Today’s first reading (8/13/18 – Monday of 19th Week in Ordinary Time, Year 2) from Ezekiel provides what can be both a powerful and confusing image. It can be confusing to us because it relies on imagery unfamiliar to us but known to the Israelites as images of God. It can be a powerful image because it is a vision of God’s presence to Ezekiel in that moment.
One might want to ask why God choose to appear to Ezekiel at this particular place at this particular time. To answer this one must understand the setting. The Israelites had just been defeated by the Babylonians. Many of them, including Ezekiel, had been taken away in exile. Being held in exile in a foreign land would be bad for anyone. To add to their distress we should remember that for many religions in those days, the god(s) were considered local gods so if you moved from one land to another, your god did not go with you. Of course, we know that there is but one God and he is present everywhere. Nonetheless, this was disconcerting to the Israelites.
Ezekiel, as well as the other Israelites, needed to know that God was with them in exile. It was with this in mind that the Lord gives this vision to Ezekiel as a sign of God being present to them.
When the imagery is understood, this is a very powerful image of God’s presence. This would be an “epiphany” of the Lord. The word “epiphany” might remind us of the story of the magi coming to see baby Jesus, God lying in a manger. The word “epiphany” means a manifestation or appearance of the God. The Old Testament contains various epiphanies. There is the time when God appeared to Moses in the burning bush (Exodus 3). There is the time (1 Kings 19:9-13) when God appears to Elijah not in the earthquake, or wind, or fire. God came that today in a “light silent sound,” a tiny whisper. That’s why it’s important for us to have quiet time in prayer, to know God’s presence in the silence.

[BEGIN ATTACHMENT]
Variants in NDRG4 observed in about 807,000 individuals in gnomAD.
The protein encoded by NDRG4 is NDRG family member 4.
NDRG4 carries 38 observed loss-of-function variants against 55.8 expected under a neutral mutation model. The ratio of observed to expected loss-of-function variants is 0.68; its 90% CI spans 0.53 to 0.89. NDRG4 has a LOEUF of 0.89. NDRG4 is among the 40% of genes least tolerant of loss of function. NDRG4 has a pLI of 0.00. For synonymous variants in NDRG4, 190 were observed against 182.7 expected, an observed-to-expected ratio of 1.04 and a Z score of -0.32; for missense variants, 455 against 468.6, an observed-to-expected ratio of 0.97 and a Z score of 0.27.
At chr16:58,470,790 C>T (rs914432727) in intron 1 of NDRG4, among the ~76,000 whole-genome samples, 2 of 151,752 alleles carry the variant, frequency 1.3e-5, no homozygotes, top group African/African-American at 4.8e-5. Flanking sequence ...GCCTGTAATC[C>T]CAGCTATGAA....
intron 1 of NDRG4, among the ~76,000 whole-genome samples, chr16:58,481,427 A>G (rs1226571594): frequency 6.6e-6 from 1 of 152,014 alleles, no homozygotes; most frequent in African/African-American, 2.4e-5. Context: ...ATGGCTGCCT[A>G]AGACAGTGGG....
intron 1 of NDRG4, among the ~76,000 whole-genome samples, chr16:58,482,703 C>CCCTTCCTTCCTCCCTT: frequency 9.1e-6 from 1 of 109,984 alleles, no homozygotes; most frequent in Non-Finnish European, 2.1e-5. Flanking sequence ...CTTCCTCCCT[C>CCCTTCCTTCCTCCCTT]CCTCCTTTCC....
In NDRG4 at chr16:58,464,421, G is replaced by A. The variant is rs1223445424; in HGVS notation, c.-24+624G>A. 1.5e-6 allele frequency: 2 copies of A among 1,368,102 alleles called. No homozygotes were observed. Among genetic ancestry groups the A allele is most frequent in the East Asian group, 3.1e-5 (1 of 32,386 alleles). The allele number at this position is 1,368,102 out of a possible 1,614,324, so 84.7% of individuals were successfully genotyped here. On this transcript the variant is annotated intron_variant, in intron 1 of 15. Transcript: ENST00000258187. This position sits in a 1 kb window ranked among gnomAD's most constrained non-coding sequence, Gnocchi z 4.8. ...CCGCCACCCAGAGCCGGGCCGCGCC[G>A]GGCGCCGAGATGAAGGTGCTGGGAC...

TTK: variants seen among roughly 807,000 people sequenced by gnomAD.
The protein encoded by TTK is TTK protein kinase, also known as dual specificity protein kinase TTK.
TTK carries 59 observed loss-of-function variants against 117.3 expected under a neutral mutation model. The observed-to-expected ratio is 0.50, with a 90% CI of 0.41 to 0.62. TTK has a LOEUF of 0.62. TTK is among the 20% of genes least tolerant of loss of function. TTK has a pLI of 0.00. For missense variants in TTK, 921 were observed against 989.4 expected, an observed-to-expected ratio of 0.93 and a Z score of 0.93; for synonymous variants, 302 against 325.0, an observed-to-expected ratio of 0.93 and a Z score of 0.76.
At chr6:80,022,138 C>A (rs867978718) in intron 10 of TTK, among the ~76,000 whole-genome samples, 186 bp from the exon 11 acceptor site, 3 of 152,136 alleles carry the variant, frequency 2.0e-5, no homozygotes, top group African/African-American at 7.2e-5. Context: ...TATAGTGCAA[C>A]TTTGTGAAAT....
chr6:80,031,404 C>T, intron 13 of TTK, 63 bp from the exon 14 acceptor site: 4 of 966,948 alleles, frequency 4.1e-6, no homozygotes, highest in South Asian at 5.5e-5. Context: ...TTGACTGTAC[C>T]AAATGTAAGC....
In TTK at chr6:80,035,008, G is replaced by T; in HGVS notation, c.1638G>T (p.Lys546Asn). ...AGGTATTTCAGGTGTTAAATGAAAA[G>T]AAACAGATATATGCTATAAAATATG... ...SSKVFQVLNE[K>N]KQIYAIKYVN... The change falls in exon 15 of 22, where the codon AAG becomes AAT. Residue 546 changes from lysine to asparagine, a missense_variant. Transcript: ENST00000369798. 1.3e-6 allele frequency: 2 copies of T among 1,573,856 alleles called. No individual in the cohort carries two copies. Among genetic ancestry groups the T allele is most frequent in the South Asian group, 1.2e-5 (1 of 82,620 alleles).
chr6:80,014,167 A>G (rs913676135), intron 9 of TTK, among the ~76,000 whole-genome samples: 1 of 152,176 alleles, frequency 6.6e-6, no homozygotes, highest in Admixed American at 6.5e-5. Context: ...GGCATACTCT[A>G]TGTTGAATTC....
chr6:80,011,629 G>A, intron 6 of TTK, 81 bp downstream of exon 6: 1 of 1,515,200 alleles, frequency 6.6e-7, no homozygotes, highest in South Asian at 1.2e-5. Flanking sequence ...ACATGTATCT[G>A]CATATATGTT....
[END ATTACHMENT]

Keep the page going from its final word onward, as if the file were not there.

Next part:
I also think of the story of the great flood with Noah (Genesis 6-8). Think of how Noah and his family felt on the ark when all they could see was water. They might have wondered if they would ever see land again. Without land, they could run out of food. They could have been afraid. In the midst of that Moses sent out various birds from time to time to look for land. I can only imagine the relief they felt when the dove came back to them with an olive leaf. The flood wasn’t over yet but they knew God was present in that moment.
We might feel overwhelmed by what goes on in our lives. We might be afraid. We need to know God is present with us. We celebrate the Eucharist as a way of giving thanks to God but also as a way to for us to know God is present with us, first in his Word read at Mass, and then in the Eucharist. The Eucharist we receive is small host. It is small yet it is so much more. It is Jesus coming to us. It is Jesus giving us the bread of life to strengthen us in our lives.